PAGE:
Humanosphere is on hiatus. Many thanks to our web design, development and hosting partner Culture Foundry for keeping the site active while we plan our next move. Culture Foundry builds, evolves and supports next-level websites and applications for clients you know, and you couldn’t ask for a better partner to help you thrive in digital. If you’re considering an ambitious website design or development project, we encourage you to make them your very first call.

Court rejects Indiana’s ‘discriminatory’ deterrant to Syrian refugee resettlement

Refugees from Myanmar arrive in Spokane, Wash. (Chad Nelson/World Relief Spokane/flickr)

Refugee rights proponents scored an important victory in Indiana when a U.S. District judge ruled against the state’s withholding of social services funding. It puts a halt to Indiana Gov. Mike Pence’s order to block funding for refugees for services like job training, cultural integration and social services. It allows groups like Exodus Refugee Immigration, which brought the lawsuit against the state, to resume supporting Syrian refugees resettled in the state.

“The withholding of funds from Exodus that are meant to provide social services to Syrian refugees in no way directly, or even indirectly, promotes the safety of Indiana citizens,” said U.S. District Judge Tanya Walton Pratt in the ruling. “The state’s conduct clearly constitutes national origin discrimination.”

The ruling allows services to resume while the case is heard. Pence followed the ruling with a statement indicating that he is directing the state attorney general’s office to appeal the decision. He joined dozens of other governors across the U.S. who pledged to block the settlement of Syrian refugees, in the wake of an attack by the Islamic State in Paris.

The United States is poised to take in 10,000 refugees from Syria over the next year. It is a small fraction of the 85,000 refugees the U.S. will resettle and the millions of Syrian refugees seeking asylum in Western countries. Some leaders believe that the government cannot adequately ensure that the vetting process of refugees will keep out terrorists. It is a point Pence harped on in response to the ruling.

“So long as the Obama administration continues to refuse to address gaps in the screening of Syrian refugees acknowledged by the FBI and a bipartisan majority in Congress,” he said, “Hoosiers can be assured that my administration will continue to use every legal means available to suspend this program in Indiana unless and until federal officials take steps to ensure the safety and security of our citizens.”

This week’s preliminary injunction is a promising news in this lawsuit filed by the American Civil Liberties Union on behalf of Exodus. Pratt said that Pence’s directive hampered the ability of the organization to do its job. The harm caused to the organization and the people it serves is greater than the potential threat to the people of Indiana. For their part, the lawyers for the state of Indiana say the governor’s policy was not discrimination, and was intended to provide protection.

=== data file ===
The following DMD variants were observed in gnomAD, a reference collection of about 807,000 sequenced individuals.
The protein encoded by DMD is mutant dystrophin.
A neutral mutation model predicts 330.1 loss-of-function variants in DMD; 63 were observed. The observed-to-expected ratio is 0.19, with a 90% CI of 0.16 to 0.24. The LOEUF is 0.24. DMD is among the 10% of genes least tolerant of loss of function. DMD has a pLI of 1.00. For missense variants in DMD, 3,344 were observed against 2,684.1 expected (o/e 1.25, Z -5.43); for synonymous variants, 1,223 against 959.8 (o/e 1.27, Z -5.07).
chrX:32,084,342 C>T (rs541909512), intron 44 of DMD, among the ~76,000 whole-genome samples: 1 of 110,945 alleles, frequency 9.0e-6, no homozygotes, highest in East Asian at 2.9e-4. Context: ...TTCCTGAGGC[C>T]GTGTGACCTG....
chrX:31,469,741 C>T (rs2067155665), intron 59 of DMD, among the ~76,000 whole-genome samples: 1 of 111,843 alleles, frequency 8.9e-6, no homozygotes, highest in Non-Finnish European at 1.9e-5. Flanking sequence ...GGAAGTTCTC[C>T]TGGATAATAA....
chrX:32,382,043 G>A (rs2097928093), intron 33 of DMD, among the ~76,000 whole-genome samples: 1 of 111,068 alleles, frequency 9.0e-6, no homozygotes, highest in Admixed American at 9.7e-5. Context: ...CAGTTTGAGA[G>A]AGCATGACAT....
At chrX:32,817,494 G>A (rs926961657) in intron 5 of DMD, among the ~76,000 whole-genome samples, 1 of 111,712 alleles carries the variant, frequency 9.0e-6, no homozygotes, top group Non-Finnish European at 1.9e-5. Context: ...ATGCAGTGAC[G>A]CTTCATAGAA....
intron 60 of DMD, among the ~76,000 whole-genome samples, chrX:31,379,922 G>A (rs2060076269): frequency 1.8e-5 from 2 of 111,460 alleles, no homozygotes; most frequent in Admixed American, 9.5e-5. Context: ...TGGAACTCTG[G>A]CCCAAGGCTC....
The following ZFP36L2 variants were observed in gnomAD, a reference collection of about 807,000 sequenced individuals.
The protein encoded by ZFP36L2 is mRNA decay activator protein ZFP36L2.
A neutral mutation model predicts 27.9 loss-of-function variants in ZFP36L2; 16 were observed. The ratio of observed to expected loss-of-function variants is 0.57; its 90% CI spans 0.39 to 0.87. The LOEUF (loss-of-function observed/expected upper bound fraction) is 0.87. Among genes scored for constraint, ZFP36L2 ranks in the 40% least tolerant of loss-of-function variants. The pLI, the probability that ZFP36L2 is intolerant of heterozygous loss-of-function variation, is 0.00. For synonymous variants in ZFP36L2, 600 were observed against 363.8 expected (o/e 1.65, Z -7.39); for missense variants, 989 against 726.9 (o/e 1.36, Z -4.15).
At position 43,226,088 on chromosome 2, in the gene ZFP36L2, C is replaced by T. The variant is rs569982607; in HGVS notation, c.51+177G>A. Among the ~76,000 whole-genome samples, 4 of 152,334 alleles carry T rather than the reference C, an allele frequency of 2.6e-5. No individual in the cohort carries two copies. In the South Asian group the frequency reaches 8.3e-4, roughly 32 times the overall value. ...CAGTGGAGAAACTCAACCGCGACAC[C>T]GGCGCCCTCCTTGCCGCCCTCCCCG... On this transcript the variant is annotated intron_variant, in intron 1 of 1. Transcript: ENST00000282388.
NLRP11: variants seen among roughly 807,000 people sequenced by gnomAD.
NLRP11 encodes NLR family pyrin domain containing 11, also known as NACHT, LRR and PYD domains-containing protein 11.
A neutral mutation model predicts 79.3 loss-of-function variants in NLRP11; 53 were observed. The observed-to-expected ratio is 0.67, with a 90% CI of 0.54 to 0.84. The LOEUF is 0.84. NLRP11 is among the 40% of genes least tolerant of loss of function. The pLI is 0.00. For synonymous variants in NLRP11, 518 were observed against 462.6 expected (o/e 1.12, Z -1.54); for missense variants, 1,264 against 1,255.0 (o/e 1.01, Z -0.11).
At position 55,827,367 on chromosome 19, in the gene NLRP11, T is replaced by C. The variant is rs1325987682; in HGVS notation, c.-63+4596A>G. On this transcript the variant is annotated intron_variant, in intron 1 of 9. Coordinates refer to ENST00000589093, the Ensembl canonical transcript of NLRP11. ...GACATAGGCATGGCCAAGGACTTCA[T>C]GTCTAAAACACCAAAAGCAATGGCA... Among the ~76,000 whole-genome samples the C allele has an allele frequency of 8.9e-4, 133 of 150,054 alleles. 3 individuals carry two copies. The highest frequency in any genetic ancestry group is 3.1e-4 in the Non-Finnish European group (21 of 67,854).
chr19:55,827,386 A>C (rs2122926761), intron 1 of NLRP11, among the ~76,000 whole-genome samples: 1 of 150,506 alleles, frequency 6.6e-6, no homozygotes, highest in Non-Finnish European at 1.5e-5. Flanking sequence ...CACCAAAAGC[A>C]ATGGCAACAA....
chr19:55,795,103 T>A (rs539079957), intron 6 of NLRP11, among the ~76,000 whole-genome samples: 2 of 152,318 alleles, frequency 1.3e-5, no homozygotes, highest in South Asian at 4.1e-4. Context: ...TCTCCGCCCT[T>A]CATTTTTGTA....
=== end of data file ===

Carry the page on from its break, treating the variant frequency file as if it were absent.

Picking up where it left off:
Governors from 31 states have publicly protested the resettlement of refugees. Aside from New Hampshire’s Maggie Hassan, all governors are a part of the Republican party. Activists say the actions are politically motivated, while supporters argue it is about the safety of citizens.

“No state can unilaterally ban a group of refugees that has been vetted and admitted by the federal government. By trying to block Syrian families based solely on their nationality, Indiana is flouting federal law, the U.S. Constitution and our fundamental American values of providing refuge for families fleeing war and violence,” said Judy Rabinovitz, deputy director of the ACLU’s Immigrants’ Rights Project, in a statement.

The state of Texas failed in its attempt to block the resettlement of Syrian refugees in December. A federal judge dismissed an injunction request, saying that the Texas Health and Human Services Commission “failed to establish by a preponderance of the admissible evidence that there is a substantial threat of irreparable injury.”

Whatever the final ruling in the Indiana case, it will not be the last legal challenge. This issue is certain to see other cases reach the federal level and potentially the Supreme Court.


About Author

Tom Murphy

Tom Murphy is a New Hampshire-based reporter for Humanosphere. Before joining Humanosphere, Tom founded and edited the aid blog A View From the Cave. His work has appeared in Foreign Policy, the Huffington Post, the Guardian, GlobalPost and Christian Science Monitor. He tweets at @viewfromthecave. Contact him at tmurphy[at]